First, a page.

Published 18/03/2024 | 10:37

Kumu’s new exhibition explores the dreams and desires of Baltic Germans and Estonian peasants through the works of Elisàr von Kupffer and Jaanus Samma

Elisàr von Kupffer. The New Covenant. 1915–1916. Centro Elisarion, municipality of Minusio

The exhibition Elisarion: Elisàr von Kupffer and Jaanus Samma will be on display at the Kumu Art Museum beginning 22 March. Elisàr von Kupffer (1872–1942) was a Baltic-German artist, writer and philosopher, and was born and raised in Estonia. This is the first time that his art has been exhibited in Estonia, offering rare insight into the social upheavals and religious utopias of the early 20th century, the artist’s childhood in Estonia and the unique homoerotic world created in his works.

In the exhibition, Kupffer’s art is in dialogue with works by the Estonian contemporary artist Jaanus Samma, who explores the sexuality of Estonian peasants. The curators of the exhibition are Andreas Kalkun, Kadi Polli and Hannes Vinnal.

The exhibition features Kupffer’s Symbolist paintings, mostly on religious subjects and showing influences of Classical and Renaissance art, as well as his views of Estonia created in his early youth, depicting places that were important to him.

Also exhibited are Jaanus Samma’s works inspired by Estonian folk culture. Samma has created a brand new video work for the exhibition, The Clear World of the Blissful, in which he explores Kupffer’s masterpiece, a 25-metre cyclorama of the same name, which is on display at the Monte Verità Foundation museum complex in Switzerland. Samma’s work is complemented by Karl Joonas Alamaa’s installation Limited Fun.

“Elisàr von Kupffer, also known as Elisarion, was a visionary, a colourful personality and a versatile creator. He was one of the founders of the neo-religious movement Clarism (German klar “clear”), which was based on his own world-view. We may describe him as the painter of Clarism, expressing the divine as an erotic force. He often depicted himself in the nude, provocatively displaying nudity and blurring gender boundaries. At the same time, Kupffer represented the Baltic-German cultural space, the elite of Estonian society of the time. The dialogue between Kupffer’s and Samma’s works highlights the relationship of Estonian peasants with their Baltic-German rulers: a fusion of fear, hostility and desire, and a juxtaposition of the high and the low,” said Andreas Kalkun, one of the exhibition’s curators.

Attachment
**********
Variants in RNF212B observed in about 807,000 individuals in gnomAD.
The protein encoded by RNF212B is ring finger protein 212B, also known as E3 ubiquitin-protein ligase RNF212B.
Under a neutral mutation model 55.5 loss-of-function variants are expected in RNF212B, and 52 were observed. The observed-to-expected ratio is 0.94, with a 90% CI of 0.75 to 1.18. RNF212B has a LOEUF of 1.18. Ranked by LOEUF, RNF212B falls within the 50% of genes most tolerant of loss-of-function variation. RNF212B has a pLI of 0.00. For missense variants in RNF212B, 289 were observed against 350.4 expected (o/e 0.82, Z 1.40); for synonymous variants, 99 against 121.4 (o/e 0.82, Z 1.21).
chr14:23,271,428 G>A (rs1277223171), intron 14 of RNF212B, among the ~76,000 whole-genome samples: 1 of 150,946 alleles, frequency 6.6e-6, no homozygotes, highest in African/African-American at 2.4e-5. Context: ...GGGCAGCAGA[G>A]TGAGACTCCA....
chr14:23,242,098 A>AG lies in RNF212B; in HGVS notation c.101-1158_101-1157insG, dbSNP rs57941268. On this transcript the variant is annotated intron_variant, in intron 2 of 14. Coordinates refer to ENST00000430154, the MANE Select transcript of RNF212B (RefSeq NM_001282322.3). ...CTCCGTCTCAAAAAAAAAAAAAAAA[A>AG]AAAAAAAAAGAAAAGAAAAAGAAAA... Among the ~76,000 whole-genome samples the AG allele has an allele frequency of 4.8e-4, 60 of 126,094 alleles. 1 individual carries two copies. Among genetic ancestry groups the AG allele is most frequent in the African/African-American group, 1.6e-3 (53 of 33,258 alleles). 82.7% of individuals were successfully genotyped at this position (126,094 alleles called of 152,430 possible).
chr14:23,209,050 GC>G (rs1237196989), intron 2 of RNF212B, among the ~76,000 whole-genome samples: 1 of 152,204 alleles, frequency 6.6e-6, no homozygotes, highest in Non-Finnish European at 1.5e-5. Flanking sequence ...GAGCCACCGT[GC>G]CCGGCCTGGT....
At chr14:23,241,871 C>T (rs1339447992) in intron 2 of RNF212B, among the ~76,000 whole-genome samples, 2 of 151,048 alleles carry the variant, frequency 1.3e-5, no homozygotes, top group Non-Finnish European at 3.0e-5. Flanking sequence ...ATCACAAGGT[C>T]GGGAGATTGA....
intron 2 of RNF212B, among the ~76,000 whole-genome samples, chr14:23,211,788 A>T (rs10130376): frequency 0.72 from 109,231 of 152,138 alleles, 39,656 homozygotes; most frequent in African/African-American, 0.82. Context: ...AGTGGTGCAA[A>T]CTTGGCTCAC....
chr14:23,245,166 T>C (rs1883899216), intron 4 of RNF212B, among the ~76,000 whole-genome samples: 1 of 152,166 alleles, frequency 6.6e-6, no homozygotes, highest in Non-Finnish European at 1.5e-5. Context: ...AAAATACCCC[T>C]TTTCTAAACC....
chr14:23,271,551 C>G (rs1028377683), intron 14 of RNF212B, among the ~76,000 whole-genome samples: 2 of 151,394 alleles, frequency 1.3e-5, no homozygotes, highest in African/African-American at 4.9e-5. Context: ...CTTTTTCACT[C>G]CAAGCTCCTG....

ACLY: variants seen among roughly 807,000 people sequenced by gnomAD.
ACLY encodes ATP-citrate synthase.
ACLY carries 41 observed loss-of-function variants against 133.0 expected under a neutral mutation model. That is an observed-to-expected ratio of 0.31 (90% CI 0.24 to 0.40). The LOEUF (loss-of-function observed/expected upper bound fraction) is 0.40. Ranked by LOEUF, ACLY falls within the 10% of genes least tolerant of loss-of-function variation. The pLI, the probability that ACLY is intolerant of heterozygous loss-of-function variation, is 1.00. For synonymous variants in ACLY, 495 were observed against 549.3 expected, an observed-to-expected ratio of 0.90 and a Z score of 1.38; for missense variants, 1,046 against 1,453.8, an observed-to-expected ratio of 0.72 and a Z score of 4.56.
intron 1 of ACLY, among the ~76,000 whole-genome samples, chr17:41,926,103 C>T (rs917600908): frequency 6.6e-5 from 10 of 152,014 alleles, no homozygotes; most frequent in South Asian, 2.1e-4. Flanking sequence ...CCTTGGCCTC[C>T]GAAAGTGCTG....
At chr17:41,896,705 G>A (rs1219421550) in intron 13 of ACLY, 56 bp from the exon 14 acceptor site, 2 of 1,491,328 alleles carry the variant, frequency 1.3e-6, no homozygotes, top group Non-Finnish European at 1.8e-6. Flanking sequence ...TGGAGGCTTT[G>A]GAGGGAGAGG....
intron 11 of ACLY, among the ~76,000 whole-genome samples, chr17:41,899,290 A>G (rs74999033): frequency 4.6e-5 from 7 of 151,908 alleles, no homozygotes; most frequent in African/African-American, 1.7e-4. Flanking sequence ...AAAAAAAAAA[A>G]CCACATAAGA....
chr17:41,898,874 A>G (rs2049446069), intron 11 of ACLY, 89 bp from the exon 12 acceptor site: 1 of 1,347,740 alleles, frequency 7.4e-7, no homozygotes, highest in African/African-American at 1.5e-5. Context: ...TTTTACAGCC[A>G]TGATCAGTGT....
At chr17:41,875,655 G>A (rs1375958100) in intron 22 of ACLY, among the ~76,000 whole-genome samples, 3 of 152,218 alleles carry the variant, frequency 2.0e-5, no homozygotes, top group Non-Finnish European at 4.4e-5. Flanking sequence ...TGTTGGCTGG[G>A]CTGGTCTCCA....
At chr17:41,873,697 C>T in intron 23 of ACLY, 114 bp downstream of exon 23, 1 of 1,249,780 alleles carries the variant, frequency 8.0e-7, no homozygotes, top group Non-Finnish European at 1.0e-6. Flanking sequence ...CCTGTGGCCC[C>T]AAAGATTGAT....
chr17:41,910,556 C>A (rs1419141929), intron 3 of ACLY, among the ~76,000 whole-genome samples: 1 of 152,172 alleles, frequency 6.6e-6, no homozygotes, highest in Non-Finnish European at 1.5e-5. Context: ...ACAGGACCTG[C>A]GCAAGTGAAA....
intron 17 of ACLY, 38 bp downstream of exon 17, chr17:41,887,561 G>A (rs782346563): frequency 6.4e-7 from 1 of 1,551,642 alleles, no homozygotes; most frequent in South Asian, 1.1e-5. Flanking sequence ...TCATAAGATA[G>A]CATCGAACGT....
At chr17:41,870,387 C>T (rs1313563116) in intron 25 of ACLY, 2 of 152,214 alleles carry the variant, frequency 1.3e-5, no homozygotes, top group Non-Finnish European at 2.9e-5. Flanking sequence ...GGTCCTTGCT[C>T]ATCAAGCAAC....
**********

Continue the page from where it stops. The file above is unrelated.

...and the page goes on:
“Different shades of sexuality were present in both worlds: the world of Elisàr von Kupffer and that of simple peasants. I am interested in the manifestations of queer identity in folk culture. As a collective phenomenon, folk culture leaves more room for interpretation and is far more mysterious,” said the artist Jaanus Samma.

The exhibition is accompanied by the book Elisarion: Elisàr von Kupffer, edited by the exhibition’s curators Andreas Kalkun, Kadi Polli and Hannes Vinnal. The book provides an overview of Kupffer’s life and work, illustrated with historical photographs and reproductions of paintings. The book includes Kupffer’s short story Sein Rätsel der Liebe (His Riddle of Love) (1901), translated into Estonian by Hannes Vinnal.

On Saturday, 23 March, visitors are invited to the opening programme of the exhibition. From 12 to 2 pm, the artist Karl Joonas Alamaa will hold the workshop Creating an Installation from Flax Twine. At 2 pm, the curators Hannes Vinnal and Andreas Kalkun and the artist Jaanus Samma will give a guided tour of the exhibition. At 4 pm, there will be a panel discussion on Estonian queer art history from the 19th century to the present day, with the participation of Jaanus Samma, Andreas Kalkun and Rebeka Põldsam. The discussion is moderated by Uku Lember.

The exhibition in Kumu’s 3rd floor gallery of temporary exhibitions will remain open until 8 September 2024.

The exhibition is being held in collaboration with the municipality of Minusio in Switzerland, in particular with the cultural centre and museum Centro Elisarion, the custodian of the legacy of Elisàr von Kupffer. The centre is housed in the artist’s home, the villa Sanctuarium Artis Elisarion.

Curators: Andreas Kalkun, Kadi Polli and Hannes Vinnal
Technical manager: Tõnis Medri
Graphic design: Tuuli Aule
Exhibition coordinator: Magdaleena Maasik

We thank: Comune di Minusio – Centro Elisarion, Fondazione Monte Verità, University of Tartu Art Museum, University of Tartu Natural History Museum, Estonian National Museum, private collections, Claudio Berger and Nicoletta Mongini

With the support of: Cultural Endowment of Estonia, law office Cobalt, Embassy of Switzerland to Latvia, Lithuania and Estonia